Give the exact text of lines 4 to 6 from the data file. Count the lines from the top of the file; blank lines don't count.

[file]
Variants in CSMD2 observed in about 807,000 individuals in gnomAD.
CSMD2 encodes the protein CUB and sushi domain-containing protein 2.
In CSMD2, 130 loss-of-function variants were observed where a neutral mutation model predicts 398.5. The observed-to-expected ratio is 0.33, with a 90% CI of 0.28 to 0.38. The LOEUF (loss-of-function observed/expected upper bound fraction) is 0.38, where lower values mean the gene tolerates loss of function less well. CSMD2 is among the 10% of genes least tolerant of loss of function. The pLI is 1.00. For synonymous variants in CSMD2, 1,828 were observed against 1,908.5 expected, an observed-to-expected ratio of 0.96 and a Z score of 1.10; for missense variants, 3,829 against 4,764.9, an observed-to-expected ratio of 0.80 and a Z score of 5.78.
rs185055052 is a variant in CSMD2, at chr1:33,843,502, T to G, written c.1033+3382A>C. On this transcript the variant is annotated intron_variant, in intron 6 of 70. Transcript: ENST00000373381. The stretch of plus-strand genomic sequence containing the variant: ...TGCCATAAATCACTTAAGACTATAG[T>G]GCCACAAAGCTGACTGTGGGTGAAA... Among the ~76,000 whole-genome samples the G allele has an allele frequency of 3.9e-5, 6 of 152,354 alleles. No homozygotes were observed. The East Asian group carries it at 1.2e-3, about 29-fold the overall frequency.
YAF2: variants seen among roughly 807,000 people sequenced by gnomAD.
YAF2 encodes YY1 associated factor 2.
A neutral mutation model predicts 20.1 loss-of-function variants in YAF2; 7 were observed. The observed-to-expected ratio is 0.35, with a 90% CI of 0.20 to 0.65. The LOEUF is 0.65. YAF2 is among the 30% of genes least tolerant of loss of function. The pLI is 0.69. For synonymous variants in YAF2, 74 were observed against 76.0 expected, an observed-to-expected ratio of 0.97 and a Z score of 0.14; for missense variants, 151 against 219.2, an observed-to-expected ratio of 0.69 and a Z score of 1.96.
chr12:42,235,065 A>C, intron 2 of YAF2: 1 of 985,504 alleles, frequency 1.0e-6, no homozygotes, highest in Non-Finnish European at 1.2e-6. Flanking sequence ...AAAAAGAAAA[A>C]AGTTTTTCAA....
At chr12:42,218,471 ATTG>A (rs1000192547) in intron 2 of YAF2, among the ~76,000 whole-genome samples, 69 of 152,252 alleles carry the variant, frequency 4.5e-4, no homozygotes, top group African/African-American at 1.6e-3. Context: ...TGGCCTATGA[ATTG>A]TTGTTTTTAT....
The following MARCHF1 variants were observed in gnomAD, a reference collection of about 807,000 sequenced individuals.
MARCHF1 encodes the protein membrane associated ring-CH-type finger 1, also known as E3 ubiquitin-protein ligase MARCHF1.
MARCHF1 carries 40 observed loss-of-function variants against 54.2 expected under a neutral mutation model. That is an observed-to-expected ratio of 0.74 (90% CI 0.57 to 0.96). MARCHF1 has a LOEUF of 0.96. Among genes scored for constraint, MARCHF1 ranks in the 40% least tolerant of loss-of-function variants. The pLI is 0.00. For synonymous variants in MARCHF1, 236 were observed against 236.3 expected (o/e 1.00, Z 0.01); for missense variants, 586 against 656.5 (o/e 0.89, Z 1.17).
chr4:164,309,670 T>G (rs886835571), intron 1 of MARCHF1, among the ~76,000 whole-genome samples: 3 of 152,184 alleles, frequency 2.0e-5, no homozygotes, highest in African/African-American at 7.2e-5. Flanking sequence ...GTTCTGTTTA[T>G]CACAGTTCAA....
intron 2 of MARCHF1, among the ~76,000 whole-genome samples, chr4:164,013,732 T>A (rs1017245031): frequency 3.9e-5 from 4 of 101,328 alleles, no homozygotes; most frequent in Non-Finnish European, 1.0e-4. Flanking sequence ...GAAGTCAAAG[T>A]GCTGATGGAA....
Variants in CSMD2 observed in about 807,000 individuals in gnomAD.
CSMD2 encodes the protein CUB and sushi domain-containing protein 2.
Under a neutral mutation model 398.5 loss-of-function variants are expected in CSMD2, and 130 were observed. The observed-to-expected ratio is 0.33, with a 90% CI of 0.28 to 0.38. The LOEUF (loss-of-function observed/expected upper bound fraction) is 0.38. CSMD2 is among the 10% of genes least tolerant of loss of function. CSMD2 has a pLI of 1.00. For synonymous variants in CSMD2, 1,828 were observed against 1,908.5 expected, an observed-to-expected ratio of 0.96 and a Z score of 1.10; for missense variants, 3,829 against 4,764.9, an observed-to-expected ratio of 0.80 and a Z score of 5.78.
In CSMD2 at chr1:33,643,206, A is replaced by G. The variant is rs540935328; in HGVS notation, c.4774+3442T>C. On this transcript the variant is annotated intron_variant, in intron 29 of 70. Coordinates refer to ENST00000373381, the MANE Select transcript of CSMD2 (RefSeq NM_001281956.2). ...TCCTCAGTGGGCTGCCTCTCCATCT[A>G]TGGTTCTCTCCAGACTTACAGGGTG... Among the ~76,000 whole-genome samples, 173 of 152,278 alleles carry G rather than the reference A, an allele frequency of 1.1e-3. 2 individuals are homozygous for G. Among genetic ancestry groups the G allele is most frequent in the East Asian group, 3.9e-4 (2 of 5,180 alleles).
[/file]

rs185055052 is a variant in CSMD2, at chr1:33,843,502, T to G, written c.1033+3382A>C. On this transcript the variant is annotated intron_variant, in intron 6 of 70. Transcript: ENST00000373381. The stretch of plus-strand genomic sequence containing the variant: ...TGCCATAAATCACTTAAGACTATAG[T>G]GCCACAAAGCTGACTGTGGGTGAAA... Among the ~76,000 whole-genome samples the G allele has an allele frequency of 3.9e-5, 6 of 152,354 alleles. No homozygotes were observed. The East Asian group carries it at 1.2e-3, about 29-fold the overall frequency.
YAF2: variants seen among roughly 807,000 people sequenced by gnomAD.
YAF2 encodes YY1 associated factor 2.